I told my buddy that he should feel free to go into the water wherever he saw fit, but that I would have to avoid the crowd. The last thing I wanted was to have someone else’s find slice me open again, possibly on top of the slice I already got. (Would it be a parallel slice? A cross? Something fancier?)


Stitches Out

After my ER visit last Sunday, I got a slip with a date and time and location. That was to get the staples out.

Now, the staples were not really painful, but I thought removing them might be. After all, they had hurt a little when they were put in, and now they had probably bonded with the tissue near them. Tearing them out was bound to cause pain, right?

Turns out it didn’t. The removal of the staples was about the least painful thing I have done in my life. I felt more when I simply touched the staples to check how they were doing during the day. Prodded by friends, who claimed I could do it on my own, I even pulled (gently) on one or two, only to find it was quite painful.

Not the staple removal with the appropriate tool. Looks like scissors, one-time use. My nurse went to work, and in five minutes the staples were gone, and if he hadn’t put them in my hand for safe keeping, I would have thought he hadn’t even started.

So, lil’ piece of advice: when someone says you can do it yourself, don’t. I went primarily because I wanted to have a medically trained professional look at the wound, in case something went wrong or looked wrong. But the comparison between what I would have done and what the nurse did… It was well worth the $40 copay.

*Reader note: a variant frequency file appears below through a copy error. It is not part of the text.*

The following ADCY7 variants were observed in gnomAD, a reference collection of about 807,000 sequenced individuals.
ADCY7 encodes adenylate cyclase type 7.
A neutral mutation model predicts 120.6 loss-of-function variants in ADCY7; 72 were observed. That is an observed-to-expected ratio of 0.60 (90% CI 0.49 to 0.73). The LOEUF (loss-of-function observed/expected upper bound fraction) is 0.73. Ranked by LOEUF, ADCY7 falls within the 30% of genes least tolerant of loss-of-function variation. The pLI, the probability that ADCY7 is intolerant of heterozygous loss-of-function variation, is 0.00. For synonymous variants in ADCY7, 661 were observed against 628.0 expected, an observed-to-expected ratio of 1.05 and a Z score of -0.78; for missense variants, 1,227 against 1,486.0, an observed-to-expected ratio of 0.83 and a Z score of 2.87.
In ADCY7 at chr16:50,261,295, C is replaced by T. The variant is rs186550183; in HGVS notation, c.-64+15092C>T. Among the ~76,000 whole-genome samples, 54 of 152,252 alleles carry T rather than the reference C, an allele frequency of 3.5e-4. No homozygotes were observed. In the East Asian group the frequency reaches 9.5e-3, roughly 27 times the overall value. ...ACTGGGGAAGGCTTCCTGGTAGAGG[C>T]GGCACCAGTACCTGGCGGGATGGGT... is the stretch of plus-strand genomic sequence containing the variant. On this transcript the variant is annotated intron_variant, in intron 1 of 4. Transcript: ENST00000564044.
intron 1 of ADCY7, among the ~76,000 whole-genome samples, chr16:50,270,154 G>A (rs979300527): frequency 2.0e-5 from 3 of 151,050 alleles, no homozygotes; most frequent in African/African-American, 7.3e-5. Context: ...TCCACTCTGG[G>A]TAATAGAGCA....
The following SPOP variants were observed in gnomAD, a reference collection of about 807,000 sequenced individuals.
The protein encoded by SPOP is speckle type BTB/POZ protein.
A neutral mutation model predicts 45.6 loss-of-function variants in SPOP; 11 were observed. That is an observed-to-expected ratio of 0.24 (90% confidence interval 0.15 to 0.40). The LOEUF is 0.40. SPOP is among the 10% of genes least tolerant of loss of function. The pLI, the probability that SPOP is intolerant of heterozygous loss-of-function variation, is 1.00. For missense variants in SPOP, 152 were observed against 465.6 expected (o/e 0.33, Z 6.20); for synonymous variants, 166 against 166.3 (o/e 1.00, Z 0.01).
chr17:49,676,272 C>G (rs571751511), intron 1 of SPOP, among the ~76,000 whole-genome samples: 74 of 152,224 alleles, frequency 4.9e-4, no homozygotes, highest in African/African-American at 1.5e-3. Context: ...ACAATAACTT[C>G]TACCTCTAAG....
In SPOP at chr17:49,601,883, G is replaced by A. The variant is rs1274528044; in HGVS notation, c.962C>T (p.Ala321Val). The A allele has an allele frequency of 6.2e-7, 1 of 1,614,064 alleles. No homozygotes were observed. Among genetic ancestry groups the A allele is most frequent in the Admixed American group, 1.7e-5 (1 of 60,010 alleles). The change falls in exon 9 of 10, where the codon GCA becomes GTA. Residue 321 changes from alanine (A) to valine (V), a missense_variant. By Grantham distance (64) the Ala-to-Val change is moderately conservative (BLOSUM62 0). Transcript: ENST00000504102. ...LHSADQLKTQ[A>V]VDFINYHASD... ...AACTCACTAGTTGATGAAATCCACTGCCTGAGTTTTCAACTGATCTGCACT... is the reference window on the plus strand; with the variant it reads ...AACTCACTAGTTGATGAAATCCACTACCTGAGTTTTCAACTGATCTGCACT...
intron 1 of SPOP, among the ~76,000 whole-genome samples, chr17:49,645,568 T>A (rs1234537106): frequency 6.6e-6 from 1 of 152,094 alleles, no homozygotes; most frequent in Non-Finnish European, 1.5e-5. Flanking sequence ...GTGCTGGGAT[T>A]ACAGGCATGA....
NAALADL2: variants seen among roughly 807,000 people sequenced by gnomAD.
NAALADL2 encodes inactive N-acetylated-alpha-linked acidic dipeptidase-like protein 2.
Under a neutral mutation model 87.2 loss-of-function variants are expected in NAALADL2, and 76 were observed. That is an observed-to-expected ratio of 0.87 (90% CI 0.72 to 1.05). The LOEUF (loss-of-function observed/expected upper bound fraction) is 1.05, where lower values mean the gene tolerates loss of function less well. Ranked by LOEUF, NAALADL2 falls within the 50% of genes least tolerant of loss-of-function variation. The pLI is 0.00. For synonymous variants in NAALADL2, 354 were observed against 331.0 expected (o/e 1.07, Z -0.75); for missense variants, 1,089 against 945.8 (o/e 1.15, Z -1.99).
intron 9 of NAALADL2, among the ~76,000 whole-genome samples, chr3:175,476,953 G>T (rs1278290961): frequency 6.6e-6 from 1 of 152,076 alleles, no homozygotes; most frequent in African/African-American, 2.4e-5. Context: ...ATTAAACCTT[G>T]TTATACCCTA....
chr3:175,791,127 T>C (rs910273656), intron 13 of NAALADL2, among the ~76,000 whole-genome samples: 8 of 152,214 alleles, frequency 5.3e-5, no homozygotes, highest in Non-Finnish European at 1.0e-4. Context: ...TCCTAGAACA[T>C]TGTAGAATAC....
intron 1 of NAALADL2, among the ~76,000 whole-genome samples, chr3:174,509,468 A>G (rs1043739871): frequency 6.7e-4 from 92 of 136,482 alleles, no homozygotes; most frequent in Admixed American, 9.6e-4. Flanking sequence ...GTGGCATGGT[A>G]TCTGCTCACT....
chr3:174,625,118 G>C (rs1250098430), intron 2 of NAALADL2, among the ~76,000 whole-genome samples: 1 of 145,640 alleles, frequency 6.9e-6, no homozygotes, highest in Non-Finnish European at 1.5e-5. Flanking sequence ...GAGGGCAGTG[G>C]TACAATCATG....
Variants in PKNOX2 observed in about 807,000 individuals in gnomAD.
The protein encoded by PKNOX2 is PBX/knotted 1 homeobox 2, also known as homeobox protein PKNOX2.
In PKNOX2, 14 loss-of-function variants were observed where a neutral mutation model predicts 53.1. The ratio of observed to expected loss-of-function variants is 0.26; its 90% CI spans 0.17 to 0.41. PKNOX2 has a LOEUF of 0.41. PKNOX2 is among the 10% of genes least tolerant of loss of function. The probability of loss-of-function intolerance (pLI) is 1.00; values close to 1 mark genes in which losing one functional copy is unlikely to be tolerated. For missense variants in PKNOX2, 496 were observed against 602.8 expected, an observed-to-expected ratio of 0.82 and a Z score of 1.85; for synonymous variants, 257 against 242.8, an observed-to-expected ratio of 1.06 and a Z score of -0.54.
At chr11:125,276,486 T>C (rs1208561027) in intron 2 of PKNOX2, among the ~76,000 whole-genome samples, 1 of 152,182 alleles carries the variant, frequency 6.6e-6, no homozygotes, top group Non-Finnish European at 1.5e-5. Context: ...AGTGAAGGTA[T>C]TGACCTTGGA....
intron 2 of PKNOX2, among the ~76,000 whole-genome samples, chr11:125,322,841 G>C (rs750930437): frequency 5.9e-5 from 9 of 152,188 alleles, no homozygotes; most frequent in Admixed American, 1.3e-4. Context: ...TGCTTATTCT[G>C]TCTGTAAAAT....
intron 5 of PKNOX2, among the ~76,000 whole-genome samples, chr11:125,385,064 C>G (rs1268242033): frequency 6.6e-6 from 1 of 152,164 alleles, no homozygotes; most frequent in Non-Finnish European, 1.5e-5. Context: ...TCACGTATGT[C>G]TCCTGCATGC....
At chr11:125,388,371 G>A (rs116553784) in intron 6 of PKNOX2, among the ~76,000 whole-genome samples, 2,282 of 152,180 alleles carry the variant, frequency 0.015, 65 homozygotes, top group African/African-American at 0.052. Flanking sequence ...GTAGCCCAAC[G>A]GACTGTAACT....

(As an aside, it was the first time I went to Kaiser and they didn’t make me wait forever. Go Kaiser!)


Well, Ladies and Gentlemen, after many years of no major issues, I finally had a surfing accident. I am posting the picture along with this entry, but hid it after the jump to hide it from the more sensitive readers. It’s not pretty.

What happened? It was a nice Sunday morning at Black’s North Peak. It wasn’t too crowded, but a whole lot of douchebags around. You know, the kind that snakes your wave and when you call them on it, they say, “Sorry man! I didn’t see you!”

One guy, in particular, stood out. Young, maybe 25. Slender, with jet-black hair and a lust for waves but no skills to match the location. No patience and no skills is a terrible combination anywhere, but at Black’s it’s lethal (for others, apparently). He was getting frustrated at not catching as many waves as he thought he should have, just like everybody else. More and more, he started getting frantic, paddling into anything at as high a speed as he could manage, in the hope … I don’t know in what hope.

A particularly large set was rolling in, and the lineup moved out. I was constricted in my motion, since I had three guys (including this one) ahead of me, so I steered towards the area they had left open. The wave was approaching, but we were all out of the danger zone.